I am interspersing the photographs with excerpts about an Appalachian grandmother from the novel River of Earth (1940) by Kentucky's poet laureate James Still (1906-2001), who lived most of his life in a log house on a creek in coal-producing Knott County, Kentucky. This is a beautiful novel that chronicles how coal mining lured men away from homesteading and into the mines. The story, as told by the son of a farmer turned miner, is remarkable for its detailing of all kinds of plants, planting, and seasons.
Mrs. Frank Henderson, taken by Doris Ulmann.
One morning Grandma said we could wait no longer for Uncle Luce. She took her grapevine walking stick and we went into the cornfield. We worked two days pulling corn from the small hoe-tended stalks. When all the runty ears were gathered, she measured them into pokes, pulling her bonnet down over her face to hide the rheumatic pain. There were sixteen bushels. 'We won't be needing the barn this time,' she said. 'We'll just sack the puny nubbins and put them in the shedroom.'
With the corn in, we waited a few days until Grandma's rheumatism had been doctored with herbs and bitter cherry-bark tea. Then there were the heavy-leaved cabbages, the cashews and sweet potatoes to be gathered. The potatoes had grown large that year. They were fat and big as squashes. Grandma crawled along the rows on her knees, digging in the baked earth with her hands. It was good to see such fine potatoes. 'When Jolly comes home he'll shore eat a bellyful,' she said.
Mountain woman with grandchild, taken by Jeffrey Potter.
'Eighteen-sixty-eight it was,' Grandmas said, and her words were small against the spring winds bellowing in the chimney top. She spread her hands close to the oak-knot fire. They were blue-veined like a giant spider's web. 'That was the year the pigeons come to Upper Flat Creek, mighty nigh taking the country.... Them pigeon-birds were worse than a plague writ in the Book,' Grandmother said. "Hit was my first married year, and Boone and me had grubbed out a homeseat on Upper Flat, hoe-planting four acres o' corn. We'd got a garden patch put in, and four bee gums working before I turned puny, setting in wait for our first-born. I'd take a peck measure outside and set me down on it where I could see the garden crap growing, and the bees fotching sweetening. There was a powerful bloom that year, as I remember, and a sight of seasoning in the ground.'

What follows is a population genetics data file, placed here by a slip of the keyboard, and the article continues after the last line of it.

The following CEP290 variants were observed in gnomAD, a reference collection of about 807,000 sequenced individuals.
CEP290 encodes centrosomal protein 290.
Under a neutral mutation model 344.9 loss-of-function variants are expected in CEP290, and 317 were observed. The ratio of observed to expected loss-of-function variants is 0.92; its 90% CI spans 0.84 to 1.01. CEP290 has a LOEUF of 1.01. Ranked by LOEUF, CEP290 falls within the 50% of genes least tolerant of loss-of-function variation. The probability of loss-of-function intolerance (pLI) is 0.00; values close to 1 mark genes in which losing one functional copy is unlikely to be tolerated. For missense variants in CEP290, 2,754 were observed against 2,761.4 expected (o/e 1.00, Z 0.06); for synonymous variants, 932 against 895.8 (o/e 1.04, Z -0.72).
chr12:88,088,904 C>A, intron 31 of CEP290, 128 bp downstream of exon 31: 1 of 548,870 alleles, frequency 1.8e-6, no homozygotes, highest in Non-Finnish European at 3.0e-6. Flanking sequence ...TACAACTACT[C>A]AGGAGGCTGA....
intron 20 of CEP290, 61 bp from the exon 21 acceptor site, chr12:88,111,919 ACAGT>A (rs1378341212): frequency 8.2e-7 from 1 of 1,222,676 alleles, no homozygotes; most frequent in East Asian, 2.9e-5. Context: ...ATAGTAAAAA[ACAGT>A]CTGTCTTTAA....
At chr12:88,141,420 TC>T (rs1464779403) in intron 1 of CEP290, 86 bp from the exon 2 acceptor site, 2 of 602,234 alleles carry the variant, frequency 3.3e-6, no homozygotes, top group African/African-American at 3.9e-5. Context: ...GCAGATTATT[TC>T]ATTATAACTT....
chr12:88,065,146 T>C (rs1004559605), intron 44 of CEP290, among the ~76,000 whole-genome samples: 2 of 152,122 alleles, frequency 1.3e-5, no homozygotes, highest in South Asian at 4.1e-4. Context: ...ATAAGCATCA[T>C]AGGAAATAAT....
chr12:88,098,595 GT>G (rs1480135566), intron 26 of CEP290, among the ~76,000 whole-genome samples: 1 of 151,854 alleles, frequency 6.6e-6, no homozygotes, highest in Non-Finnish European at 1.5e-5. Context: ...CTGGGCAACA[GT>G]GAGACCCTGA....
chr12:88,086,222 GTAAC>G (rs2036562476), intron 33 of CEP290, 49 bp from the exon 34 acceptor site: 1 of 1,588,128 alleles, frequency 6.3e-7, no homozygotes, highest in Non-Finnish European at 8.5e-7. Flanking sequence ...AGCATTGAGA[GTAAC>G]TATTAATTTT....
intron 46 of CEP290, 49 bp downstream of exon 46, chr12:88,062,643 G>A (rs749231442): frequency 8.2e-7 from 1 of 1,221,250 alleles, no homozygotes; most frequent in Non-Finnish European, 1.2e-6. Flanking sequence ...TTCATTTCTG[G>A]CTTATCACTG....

Ella Dunn, midwife and herbalist, who lived in the Ozarks and lived to be 104 years old.
Emma Dupree, an herb doctor who received the North Carolina Folk Heritage Award in 1992 and lived to be 98 years old.
Grandma wove her hands together on her knees. 'I been walking on these legs seventy-eight years,' she said. 'I'm figuring to walk a few more miles. I hain't going to set around and let rheumatiz tie 'em in a pinch knot. Hain't wear that breaks a door hinge, hit's rust.'
Two women on a porch, taken by Howard Greenberg.
'If I was stone-blind, I'd know a new season was coming,' Grandma said. ''This time o' year the rheumatiz strikes my hips. The pain sets deep and grinds. Five of my chaps was born in the spring and that might be the causing.' She took to bed for a spell, and Uncle Jolly cooked for us morning and evening.... It plagued her to lie abed, helpless. 'When spring opens,' Grandma said, 'I'll be up and doing. Three days' sun, and I'll be well enough to beat this feather tick and hang it to sweeten.'
One morning I saw a redbird sitting in a plum bush, its body as dark as a wound. 'Spring's a winding,' I told Grandma. 'Coming now for shore.'
'Even come spring,' Grandma said, 'we've got a passel of chills to endure: dogwood winter, redbud, service, foxgrape, blackberry.... There must be seven winters, by count. A chilly snap for every time of bloom.'
You may also want to see:
Maude Callen (1898-1990)
The Trees by Conrad Richter
Lamb in His Bosom by Caroline Miller
Housekeeping in The Fields